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St Martin (13th April)

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Pope Martin I (649–653) has two entries in the Roman Martyrology:

  1. under 16th September: “The birthday of St Martin I, pope and martyr.  He had called together a council at Rome and condemned the heretics Sergius, Paul and Pyrrhus.  By order of the heretical Emperor Constantius he was taken prisoner through a deceit, brought to Constantinople, and exiled to the Chersonese.  There he ended his life, worn out with his labours for the Catholic faith and favoured with many virtues.  His body was afterwards brought to Rome and buried in the church of Saints Sylvester and Martin.  His feast, however, is observed on the 12th of November”.

  2. under 12th November (the traditional date of the translation of the relics to Rome): “The Feast of St. Martin I, pope and martyr, whose birthday is mentioned on the 16th day of September”.

In fact, there a good deal of confusion about his feast day, which is recorded as:

  1. 11th November in the Martyrology of Florus; and

  2. 18th August and 18th September in the Martyrology of Tallaght (ca. 830), an Irish edition of a Northumbrian copy of the Hieronymian Martyrology.

In the revision of the General Roman Calendar in 1969, the feast was moved to 13th April. 

St Martin I was born in what is now Pian di San Martino, outside Todi, but nothing is known about him before he began his career in Rome.  He was elected to the papacy without formal approval of the Emperor Constans II, who duly declared his election invalid.  One of his first acts after his election was to convene the Lateran Council (649) in Rome at which Monothelitism was condemned.  This brought him into conflict with Constans II, who ordered his arrest.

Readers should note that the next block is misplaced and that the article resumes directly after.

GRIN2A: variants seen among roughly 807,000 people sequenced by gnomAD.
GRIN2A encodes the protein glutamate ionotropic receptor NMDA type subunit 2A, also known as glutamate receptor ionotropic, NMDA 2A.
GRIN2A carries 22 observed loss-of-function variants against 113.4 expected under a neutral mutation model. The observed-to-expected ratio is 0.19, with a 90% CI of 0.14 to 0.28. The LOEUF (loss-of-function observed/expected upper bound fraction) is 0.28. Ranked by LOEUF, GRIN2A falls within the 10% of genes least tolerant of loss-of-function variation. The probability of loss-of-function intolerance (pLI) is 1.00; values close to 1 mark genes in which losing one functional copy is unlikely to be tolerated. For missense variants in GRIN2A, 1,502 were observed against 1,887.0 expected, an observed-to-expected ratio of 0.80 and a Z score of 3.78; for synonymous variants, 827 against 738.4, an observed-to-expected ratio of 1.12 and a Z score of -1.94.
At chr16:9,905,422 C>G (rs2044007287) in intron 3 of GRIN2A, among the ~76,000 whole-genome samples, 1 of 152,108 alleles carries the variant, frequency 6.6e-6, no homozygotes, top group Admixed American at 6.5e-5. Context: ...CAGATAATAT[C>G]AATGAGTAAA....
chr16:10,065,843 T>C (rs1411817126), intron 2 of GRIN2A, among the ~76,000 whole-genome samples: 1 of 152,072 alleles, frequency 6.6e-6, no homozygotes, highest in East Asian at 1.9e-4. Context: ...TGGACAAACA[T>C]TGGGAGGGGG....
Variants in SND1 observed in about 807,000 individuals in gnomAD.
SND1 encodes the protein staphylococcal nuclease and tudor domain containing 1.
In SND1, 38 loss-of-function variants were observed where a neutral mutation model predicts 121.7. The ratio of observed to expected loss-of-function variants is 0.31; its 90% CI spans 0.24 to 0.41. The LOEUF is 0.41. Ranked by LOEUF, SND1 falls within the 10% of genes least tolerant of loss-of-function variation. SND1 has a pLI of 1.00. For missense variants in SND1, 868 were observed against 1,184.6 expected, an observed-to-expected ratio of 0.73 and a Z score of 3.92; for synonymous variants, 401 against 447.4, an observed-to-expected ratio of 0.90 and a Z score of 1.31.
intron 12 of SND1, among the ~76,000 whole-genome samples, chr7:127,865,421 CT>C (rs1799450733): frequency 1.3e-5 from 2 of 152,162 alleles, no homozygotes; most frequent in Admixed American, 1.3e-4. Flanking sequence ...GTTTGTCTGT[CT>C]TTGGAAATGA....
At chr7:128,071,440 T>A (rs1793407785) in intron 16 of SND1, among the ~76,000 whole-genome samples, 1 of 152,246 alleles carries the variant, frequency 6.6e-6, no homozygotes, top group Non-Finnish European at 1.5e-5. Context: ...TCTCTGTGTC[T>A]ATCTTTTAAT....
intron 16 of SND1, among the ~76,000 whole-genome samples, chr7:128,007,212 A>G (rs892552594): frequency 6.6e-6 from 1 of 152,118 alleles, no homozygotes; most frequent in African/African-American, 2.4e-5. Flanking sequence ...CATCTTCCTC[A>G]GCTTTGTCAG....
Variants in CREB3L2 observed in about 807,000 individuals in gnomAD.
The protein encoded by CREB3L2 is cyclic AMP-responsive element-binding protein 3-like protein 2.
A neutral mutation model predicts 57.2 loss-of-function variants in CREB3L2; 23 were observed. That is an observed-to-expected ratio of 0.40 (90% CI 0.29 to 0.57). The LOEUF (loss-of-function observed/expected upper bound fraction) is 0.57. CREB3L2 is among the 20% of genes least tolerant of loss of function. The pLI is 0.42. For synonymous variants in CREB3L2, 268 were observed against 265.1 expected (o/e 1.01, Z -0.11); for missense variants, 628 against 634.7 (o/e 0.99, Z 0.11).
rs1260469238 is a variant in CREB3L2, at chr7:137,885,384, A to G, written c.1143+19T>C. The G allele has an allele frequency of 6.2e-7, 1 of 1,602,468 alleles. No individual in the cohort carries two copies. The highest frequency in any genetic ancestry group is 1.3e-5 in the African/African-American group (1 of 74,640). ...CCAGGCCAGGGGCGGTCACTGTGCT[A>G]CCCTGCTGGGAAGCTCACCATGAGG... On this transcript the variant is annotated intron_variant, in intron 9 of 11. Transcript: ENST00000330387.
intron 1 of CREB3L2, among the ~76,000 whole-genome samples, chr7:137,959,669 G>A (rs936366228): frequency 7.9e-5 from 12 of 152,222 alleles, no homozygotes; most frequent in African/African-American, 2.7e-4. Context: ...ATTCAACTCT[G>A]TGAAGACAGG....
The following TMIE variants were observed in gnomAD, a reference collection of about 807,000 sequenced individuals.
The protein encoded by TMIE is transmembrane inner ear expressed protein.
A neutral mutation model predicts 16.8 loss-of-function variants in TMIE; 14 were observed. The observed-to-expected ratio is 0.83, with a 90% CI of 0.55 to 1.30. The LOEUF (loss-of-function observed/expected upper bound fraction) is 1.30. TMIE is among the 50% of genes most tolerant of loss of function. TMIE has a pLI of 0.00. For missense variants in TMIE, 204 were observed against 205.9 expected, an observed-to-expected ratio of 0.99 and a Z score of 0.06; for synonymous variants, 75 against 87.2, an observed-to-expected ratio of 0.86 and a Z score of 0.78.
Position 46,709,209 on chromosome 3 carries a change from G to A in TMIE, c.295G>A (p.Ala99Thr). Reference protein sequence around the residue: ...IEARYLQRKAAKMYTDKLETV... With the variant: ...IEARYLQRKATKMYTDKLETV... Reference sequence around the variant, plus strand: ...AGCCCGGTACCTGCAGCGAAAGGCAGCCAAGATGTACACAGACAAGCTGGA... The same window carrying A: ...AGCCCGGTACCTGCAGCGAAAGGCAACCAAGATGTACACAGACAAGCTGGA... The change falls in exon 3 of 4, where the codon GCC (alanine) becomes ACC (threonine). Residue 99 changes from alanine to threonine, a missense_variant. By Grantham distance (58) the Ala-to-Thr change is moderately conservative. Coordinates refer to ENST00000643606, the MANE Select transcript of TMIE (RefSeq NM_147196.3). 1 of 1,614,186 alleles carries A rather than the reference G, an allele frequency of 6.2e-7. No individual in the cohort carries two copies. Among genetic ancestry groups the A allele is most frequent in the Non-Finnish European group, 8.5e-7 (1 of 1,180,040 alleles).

The support of his colleagues in Rome saved him initially.  However, in 653, Constans II ordered the new Exarch of Ravenna to arrest and depose him and to send him to Byzantium.  This order was finally carried out in 653.  He was humiliated, imprisoned and condemned to death, a sentence that was commuted to exile in the Crimea. 

St Martin I was dismayed when his colleagues in Rome elected another pope in May 654.  He died on 16th September 655, apparently as a direct result of his harsh treatment, and was buried in the church of Santa Maria ad Blachernas.  This church no longer exists, but tradition recalls that Pope Sergius II (844-7) transferred the relics of St Martin to a new church (now SS Silvestro e Martino ai Monti) that he had built in Rome.

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